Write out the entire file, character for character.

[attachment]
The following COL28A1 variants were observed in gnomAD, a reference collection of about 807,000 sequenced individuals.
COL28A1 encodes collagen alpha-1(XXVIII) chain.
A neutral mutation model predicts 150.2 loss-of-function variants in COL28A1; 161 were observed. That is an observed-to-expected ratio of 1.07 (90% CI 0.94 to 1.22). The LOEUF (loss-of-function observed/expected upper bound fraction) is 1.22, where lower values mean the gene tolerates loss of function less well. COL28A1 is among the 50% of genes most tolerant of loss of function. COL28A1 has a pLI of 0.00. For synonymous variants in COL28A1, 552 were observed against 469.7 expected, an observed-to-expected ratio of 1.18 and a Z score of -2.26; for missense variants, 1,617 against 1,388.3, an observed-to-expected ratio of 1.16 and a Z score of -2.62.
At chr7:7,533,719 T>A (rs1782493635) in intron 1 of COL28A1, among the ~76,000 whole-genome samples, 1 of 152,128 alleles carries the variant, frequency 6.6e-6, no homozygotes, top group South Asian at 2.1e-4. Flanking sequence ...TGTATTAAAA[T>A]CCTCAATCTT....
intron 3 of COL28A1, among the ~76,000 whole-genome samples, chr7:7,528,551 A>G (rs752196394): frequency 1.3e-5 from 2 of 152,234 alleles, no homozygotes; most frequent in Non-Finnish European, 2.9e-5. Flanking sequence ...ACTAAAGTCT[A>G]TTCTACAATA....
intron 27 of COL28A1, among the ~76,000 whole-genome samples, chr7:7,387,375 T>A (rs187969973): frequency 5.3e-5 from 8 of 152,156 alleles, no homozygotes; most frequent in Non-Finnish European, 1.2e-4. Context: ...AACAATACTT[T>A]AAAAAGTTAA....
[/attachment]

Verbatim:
The following COL28A1 variants were observed in gnomAD, a reference collection of about 807,000 sequenced individuals.
COL28A1 encodes collagen alpha-1(XXVIII) chain.
A neutral mutation model predicts 150.2 loss-of-function variants in COL28A1; 161 were observed. That is an observed-to-expected ratio of 1.07 (90% CI 0.94 to 1.22). The LOEUF (loss-of-function observed/expected upper bound fraction) is 1.22, where lower values mean the gene tolerates loss of function less well. COL28A1 is among the 50% of genes most tolerant of loss of function. COL28A1 has a pLI of 0.00. For synonymous variants in COL28A1, 552 were observed against 469.7 expected, an observed-to-expected ratio of 1.18 and a Z score of -2.26; for missense variants, 1,617 against 1,388.3, an observed-to-expected ratio of 1.16 and a Z score of -2.62.
At chr7:7,533,719 T>A (rs1782493635) in intron 1 of COL28A1, among the ~76,000 whole-genome samples, 1 of 152,128 alleles carries the variant, frequency 6.6e-6, no homozygotes, top group South Asian at 2.1e-4. Flanking sequence ...TGTATTAAAA[T>A]CCTCAATCTT....
intron 3 of COL28A1, among the ~76,000 whole-genome samples, chr7:7,528,551 A>G (rs752196394): frequency 1.3e-5 from 2 of 152,234 alleles, no homozygotes; most frequent in Non-Finnish European, 2.9e-5. Flanking sequence ...ACTAAAGTCT[A>G]TTCTACAATA....
intron 27 of COL28A1, among the ~76,000 whole-genome samples, chr7:7,387,375 T>A (rs187969973): frequency 5.3e-5 from 8 of 152,156 alleles, no homozygotes; most frequent in Non-Finnish European, 1.2e-4. Context: ...AACAATACTT[T>A]AAAAAGTTAA....